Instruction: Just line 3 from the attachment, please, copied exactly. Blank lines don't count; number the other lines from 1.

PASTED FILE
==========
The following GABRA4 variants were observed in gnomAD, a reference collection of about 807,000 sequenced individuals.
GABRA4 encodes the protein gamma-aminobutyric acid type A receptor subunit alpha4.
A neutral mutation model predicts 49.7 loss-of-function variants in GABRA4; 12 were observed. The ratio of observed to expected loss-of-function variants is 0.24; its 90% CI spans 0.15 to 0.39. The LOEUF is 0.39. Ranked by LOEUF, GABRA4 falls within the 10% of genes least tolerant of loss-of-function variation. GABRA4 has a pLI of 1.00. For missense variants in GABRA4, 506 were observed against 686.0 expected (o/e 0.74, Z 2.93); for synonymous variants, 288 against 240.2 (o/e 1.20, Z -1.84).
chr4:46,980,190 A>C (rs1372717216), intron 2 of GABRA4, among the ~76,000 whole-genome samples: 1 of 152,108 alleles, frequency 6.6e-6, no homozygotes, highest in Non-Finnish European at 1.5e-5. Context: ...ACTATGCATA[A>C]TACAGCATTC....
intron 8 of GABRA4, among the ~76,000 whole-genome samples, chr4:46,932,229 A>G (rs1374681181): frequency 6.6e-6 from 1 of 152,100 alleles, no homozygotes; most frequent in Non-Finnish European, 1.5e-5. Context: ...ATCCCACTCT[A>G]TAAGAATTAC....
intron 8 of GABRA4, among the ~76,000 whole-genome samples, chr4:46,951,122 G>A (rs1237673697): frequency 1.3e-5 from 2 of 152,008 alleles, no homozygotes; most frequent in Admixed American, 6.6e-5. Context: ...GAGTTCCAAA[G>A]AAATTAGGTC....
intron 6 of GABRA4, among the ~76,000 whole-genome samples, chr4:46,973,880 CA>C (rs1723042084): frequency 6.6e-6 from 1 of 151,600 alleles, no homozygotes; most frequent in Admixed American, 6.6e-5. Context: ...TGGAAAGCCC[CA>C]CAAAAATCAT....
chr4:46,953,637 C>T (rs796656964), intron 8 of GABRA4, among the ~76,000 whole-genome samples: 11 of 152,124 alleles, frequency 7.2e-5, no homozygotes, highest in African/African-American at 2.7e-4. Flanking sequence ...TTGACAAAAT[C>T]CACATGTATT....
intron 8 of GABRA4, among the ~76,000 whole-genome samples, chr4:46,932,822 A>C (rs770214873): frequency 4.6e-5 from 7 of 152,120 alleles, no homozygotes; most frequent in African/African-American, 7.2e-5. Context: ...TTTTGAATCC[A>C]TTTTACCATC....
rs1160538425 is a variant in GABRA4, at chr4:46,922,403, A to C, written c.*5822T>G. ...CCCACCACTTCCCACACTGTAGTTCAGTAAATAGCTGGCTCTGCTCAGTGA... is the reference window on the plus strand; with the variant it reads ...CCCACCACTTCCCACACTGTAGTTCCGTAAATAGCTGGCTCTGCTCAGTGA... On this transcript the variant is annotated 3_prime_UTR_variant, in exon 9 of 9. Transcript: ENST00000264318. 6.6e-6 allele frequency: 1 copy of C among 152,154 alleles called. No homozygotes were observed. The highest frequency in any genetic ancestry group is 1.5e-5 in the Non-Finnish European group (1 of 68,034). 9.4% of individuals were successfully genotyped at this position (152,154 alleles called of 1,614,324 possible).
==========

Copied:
A neutral mutation model predicts 49.7 loss-of-function variants in GABRA4; 12 were observed. The ratio of observed to expected loss-of-function variants is 0.24; its 90% CI spans 0.15 to 0.39. The LOEUF is 0.39. Ranked by LOEUF, GABRA4 falls within the 10% of genes least tolerant of loss-of-function variation. GABRA4 has a pLI of 1.00. For missense variants in GABRA4, 506 were observed against 686.0 expected (o/e 0.74, Z 2.93); for synonymous variants, 288 against 240.2 (o/e 1.20, Z -1.84).